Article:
This post is also available in: idIndonesia (Indonesian) arالعربية (Arabic) deDeutsch (German) hiहिन्दी (Hindi)


“The Ahmadiyya Movement in Islam (Urdu Jamāʿat-i Aḥmadiyya) is a modern messianic movement. It was founded in 1889 in the Indian province of the Punjab by Mirzā Ghulām Ahmad (1835-1908) and has become exceedingly controversial within contemporary Muslim circles. Claiming for its founder messianic and prophetic status of a certain kind, the Ahmadī Movement aroused fierce opposition from the Muslim mainstream and was accused of rejecting the dogma that Muhammad was the last prophet. Under British rule, the controversy was merely a doctrinal dispute between individuals or voluntary organizations, but when the movement’s headquarters and many Ahmadīs moved in 1947 to the professedly Islamic state of Pakistan, the issue was transformed into a major constitutional problem and the Muslim mainstream demanded the formal exclusion of the Ahmadīs from the Muslim fold. This was attained in 1974, when the Pakistani parliament adopted a constitutional amendment declaring the Ahmadīs to be non-Muslims” (Yohanan Friedmann, “Ahmadiyya.” Encyclopaedia of the Qurʾān. General Editor: Jane Dammen McAuliffe [Leiden and Boston: Brill, 2005], CD-ROM version).

Ahmadiyya Muslims believe Jesus swooned on the cross and was resuscitated – not resurrected – in the tomb.

Ahmadiya Muslims believe Jesus was crucified (Qur’an 4:157) but did not die on the cross.

An image of Quran 4:157, which paraphrased in English says, "And because of their saying: We slew the Messiah, Jesus son of Mary, Allah's messenger - they slew him not nor crucified him, but it appeared so unto them; and lo! those who disagree concerning it are in doubt thereof; they have no knowledge thereof save pursuit of a conjecture; they slew him not for certain."
Quran 4:157

They base their belief on Mirza Ghulam Ahmad’s interpretation of Qur’an 3:55-56, “I shall cause thee to die a natural death, and shall exalt thee to Myself, and shall clear thee from the calumnies of those who disbelieve, and shall place those who follow thee above those who disbelieve, until the Day of Judgment; then to Me shall be your return and I will judge between you concerning that wherein you differ.”

The Ahmadiya teach Jesus was resuscitated in the tomb and went to India to search for the lost tribes of Israel. There he adopted the name Yuz Asaf, married Mary, and had children. He then died at the age of 120 and was buried in the district of Srinagar.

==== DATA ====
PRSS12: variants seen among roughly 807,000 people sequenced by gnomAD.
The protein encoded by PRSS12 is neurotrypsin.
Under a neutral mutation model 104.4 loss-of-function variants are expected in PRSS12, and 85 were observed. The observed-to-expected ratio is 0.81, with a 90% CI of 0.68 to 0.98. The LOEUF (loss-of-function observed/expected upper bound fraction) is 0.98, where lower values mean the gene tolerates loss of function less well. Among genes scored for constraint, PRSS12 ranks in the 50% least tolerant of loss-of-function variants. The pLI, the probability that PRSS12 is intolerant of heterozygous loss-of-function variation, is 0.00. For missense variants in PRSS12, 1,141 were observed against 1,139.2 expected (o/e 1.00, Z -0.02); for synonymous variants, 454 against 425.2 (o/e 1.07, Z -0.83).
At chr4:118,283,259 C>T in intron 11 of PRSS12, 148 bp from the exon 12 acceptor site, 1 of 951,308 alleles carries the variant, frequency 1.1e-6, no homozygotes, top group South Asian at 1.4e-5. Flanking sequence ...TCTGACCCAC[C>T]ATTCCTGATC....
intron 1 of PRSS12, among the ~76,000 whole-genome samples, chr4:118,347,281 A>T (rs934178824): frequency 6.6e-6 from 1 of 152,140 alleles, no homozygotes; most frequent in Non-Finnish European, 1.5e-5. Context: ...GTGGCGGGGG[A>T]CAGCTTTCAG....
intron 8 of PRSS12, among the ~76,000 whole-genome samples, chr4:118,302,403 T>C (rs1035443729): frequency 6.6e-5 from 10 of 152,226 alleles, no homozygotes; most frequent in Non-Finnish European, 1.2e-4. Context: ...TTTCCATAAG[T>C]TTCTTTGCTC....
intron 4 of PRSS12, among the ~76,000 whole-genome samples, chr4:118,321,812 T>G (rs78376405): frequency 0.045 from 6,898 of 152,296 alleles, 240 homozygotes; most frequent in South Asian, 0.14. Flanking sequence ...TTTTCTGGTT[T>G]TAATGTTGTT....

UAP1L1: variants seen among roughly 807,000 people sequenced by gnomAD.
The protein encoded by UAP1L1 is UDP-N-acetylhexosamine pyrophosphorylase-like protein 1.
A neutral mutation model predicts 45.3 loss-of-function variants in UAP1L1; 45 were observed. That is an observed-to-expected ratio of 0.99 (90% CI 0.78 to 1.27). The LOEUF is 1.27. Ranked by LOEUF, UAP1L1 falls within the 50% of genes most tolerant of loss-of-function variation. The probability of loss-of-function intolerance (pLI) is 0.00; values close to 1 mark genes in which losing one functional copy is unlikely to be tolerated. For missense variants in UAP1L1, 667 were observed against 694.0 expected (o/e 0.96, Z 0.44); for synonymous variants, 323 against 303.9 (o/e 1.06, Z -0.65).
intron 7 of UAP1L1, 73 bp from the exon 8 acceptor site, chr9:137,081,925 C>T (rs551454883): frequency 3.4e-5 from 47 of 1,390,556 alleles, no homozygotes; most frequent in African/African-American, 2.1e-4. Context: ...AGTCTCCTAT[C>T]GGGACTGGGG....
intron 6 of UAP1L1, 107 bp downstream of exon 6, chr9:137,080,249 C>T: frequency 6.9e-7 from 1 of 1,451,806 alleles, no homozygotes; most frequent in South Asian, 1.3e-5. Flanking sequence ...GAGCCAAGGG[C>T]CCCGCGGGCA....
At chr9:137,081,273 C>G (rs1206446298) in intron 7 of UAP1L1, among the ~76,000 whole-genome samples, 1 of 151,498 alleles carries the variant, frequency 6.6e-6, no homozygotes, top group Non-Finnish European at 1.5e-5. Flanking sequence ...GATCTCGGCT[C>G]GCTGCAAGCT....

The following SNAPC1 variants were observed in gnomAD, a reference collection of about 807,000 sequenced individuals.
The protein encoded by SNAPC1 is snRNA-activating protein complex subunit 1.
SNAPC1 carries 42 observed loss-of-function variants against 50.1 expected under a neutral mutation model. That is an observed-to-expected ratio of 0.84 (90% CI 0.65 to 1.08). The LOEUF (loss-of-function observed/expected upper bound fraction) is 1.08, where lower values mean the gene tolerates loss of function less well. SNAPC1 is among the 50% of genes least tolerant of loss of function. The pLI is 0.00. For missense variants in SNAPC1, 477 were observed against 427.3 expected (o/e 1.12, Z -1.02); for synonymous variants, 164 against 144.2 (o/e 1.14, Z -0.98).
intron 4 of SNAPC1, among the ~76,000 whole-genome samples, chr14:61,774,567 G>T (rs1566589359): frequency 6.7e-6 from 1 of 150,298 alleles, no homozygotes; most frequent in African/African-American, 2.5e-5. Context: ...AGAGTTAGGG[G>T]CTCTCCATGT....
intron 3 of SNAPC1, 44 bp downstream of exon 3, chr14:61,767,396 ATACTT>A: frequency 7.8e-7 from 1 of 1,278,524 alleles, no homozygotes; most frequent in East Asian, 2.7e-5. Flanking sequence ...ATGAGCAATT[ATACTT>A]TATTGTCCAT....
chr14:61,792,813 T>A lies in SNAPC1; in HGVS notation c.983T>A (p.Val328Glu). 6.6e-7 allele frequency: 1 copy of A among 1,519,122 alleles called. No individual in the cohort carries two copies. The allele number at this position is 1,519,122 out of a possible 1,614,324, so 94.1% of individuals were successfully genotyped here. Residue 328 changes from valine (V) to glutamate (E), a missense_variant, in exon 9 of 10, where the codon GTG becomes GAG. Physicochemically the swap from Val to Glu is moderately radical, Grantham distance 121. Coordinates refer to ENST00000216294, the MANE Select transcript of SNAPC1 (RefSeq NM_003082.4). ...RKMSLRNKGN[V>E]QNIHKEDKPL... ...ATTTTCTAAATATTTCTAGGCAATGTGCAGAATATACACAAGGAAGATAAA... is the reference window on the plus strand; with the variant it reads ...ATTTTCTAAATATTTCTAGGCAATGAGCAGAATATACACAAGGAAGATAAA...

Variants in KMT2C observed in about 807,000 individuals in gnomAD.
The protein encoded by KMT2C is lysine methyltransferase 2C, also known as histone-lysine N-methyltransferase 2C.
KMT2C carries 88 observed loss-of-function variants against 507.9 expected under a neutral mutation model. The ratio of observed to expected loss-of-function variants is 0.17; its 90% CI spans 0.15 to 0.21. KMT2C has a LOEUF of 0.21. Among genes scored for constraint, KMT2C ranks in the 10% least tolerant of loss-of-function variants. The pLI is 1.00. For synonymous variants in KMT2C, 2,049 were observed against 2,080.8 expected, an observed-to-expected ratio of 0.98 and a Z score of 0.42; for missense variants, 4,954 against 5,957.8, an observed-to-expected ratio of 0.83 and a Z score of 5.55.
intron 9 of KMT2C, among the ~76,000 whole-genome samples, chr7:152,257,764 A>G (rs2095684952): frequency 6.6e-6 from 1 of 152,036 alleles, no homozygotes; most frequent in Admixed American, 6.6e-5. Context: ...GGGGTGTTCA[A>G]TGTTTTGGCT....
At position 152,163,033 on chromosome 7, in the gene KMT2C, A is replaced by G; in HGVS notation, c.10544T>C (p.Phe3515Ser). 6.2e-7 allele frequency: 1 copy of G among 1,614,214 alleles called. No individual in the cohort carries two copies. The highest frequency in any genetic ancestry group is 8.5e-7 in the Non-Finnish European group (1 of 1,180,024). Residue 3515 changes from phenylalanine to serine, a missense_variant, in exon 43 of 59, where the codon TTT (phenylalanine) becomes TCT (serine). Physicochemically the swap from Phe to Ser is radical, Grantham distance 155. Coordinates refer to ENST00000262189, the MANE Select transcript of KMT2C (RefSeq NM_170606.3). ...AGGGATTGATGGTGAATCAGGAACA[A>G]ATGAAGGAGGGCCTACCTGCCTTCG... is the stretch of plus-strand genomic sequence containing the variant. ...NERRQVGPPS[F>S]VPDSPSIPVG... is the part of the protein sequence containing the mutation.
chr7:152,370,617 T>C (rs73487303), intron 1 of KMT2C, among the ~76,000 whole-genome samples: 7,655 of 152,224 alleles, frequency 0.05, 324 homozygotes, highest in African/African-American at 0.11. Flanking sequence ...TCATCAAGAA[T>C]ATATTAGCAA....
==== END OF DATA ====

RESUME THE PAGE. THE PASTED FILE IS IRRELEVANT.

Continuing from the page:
Picture of the Rozabal shrine located in Kahsmir, India. Ahmadiyya Muslims claim Jesus is buried in this tomb.
Ahmadiyya Muslims claim Jesus was buried in this tomb located in Kahsmir, India

Ahmadiyya rejection of Jesus’ death on the cross is contrary to history.

One of the things I stress when talking with the Ahmadiyya is that the beliefs of Christianity are rooted in history and their views are not,

Give up history, and you can retain some things. You can retain a belief in God. But philosophical theism has never been a powerful force in the world. You can retain a lofty ethical ideal. But be perfectly clear about one point-you can never retain a gospel. For gospel means “good news,” tidings, information about something that has happened. In other words, it means history. A gospel independent of history is simply a contradiction in terms. 1J. Gresham Machen, “History and Faith,” The Princeton Theological Review, 13.3 (July 1915), 337-338. 

The Ahmadiyya make the historical claim that Jesus is buried in India, and they know where His tomb is. The rest of Islam has an empty grave for Jesus next to Muhammad’s occupied grave in Medina.

You may also be interested in the testimony of Nabeel Qureshi who was formerly a devout Ahmadiyya Muslim.

See also:

Jesus’ Death on the Cross and the Qur’an

Was 3-6 hours enough time for Jesus to die on the cross?

Do examples of people surviving crucifixion mean Jesus could have survived His crucifixion?

Mirza Ghulam Ahmad

References   [ + ]

1. J. Gresham Machen, “History and Faith,” The Princeton Theological Review, 13.3 (July 1915), 337-338.